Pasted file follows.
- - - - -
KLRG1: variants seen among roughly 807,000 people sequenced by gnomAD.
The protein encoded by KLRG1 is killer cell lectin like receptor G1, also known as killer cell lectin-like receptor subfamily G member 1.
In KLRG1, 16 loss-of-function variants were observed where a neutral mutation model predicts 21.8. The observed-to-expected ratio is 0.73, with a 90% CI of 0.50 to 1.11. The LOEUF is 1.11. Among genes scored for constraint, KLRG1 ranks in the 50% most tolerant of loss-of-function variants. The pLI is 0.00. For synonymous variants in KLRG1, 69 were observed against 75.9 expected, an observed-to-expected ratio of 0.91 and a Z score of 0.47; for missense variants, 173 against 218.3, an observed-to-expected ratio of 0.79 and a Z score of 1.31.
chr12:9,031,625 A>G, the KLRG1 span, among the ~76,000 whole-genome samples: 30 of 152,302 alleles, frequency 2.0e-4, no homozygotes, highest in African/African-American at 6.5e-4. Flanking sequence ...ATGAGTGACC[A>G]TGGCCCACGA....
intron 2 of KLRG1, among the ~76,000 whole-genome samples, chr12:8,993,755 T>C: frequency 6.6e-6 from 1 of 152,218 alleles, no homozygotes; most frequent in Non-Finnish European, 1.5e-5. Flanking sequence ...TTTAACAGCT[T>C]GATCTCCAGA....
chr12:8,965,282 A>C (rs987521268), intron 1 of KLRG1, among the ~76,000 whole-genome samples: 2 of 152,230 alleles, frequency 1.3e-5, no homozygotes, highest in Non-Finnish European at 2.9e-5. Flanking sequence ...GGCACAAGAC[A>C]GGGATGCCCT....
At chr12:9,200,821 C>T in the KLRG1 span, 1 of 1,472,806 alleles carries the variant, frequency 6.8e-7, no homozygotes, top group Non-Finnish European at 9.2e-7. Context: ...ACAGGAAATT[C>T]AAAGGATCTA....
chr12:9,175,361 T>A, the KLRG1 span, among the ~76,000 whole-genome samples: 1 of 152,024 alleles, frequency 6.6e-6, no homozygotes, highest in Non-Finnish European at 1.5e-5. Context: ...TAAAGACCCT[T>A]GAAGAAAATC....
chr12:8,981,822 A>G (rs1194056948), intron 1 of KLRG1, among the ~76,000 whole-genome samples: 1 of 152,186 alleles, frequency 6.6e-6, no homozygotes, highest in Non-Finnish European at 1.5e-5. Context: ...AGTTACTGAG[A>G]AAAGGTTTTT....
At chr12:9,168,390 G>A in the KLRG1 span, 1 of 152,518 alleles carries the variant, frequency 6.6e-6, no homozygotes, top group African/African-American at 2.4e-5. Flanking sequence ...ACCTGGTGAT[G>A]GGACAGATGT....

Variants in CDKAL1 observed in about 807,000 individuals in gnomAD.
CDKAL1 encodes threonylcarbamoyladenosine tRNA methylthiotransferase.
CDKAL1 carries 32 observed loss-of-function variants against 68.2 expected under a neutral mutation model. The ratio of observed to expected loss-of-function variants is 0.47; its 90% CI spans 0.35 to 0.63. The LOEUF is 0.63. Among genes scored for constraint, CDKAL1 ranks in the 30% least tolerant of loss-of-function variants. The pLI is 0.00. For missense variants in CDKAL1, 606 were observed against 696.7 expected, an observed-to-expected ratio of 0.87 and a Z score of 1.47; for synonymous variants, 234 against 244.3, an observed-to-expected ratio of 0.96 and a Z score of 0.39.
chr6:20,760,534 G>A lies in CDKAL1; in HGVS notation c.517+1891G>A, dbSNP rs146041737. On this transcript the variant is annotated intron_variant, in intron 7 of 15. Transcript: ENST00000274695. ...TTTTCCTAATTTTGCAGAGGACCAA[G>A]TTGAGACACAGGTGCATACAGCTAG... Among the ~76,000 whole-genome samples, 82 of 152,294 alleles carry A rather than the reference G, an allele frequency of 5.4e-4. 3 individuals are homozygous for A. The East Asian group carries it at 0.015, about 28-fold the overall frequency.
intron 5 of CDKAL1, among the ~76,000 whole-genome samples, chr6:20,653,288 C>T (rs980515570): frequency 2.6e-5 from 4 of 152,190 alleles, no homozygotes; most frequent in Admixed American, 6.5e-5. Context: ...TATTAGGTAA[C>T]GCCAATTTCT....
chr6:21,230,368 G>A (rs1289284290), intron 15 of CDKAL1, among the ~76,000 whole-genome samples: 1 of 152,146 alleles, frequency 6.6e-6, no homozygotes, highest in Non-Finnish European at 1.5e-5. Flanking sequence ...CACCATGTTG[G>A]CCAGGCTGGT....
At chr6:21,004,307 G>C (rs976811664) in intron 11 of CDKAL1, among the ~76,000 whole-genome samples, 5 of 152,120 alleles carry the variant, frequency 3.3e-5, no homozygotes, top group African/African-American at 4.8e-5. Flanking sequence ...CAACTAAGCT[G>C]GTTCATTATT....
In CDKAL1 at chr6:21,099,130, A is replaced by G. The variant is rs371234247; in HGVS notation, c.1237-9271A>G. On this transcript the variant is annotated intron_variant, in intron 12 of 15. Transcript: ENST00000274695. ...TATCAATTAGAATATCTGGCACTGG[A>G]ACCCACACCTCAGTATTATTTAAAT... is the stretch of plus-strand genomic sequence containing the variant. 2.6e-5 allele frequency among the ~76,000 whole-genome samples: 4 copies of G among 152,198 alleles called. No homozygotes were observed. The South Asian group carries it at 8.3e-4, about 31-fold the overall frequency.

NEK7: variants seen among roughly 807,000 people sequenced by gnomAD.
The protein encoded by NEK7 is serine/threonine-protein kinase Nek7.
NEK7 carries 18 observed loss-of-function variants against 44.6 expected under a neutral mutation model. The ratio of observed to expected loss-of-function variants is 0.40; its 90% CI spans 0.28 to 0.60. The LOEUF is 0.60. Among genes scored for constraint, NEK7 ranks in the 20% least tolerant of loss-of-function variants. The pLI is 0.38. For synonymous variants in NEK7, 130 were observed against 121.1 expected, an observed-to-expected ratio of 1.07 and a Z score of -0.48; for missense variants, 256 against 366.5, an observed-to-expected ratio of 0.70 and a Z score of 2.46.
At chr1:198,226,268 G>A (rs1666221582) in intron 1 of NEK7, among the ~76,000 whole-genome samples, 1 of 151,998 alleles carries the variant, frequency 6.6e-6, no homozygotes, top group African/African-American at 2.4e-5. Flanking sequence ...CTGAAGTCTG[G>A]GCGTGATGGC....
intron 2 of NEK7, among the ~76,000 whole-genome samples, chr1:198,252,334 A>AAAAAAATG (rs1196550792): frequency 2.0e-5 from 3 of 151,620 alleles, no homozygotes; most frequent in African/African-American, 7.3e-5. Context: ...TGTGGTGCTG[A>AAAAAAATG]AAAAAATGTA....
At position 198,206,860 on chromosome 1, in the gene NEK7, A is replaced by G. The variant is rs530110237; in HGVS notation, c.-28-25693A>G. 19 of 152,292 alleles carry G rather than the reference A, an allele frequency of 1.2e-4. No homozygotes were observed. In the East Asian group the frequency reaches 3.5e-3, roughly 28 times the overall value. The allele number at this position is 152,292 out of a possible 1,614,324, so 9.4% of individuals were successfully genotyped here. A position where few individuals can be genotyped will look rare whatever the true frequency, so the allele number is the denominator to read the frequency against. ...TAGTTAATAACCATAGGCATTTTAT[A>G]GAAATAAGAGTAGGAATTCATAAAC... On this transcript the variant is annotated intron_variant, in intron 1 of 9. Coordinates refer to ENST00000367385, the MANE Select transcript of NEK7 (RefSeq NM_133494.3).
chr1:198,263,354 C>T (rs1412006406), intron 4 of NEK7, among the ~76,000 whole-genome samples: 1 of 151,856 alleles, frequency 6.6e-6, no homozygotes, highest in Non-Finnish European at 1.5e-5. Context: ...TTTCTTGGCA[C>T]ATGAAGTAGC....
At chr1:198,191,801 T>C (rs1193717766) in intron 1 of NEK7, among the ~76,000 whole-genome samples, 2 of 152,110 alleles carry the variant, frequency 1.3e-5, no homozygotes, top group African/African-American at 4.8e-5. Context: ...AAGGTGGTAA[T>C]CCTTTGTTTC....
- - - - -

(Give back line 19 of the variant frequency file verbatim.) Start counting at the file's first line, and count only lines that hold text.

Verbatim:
NEK7: variants seen among roughly 807,000 people sequenced by gnomAD.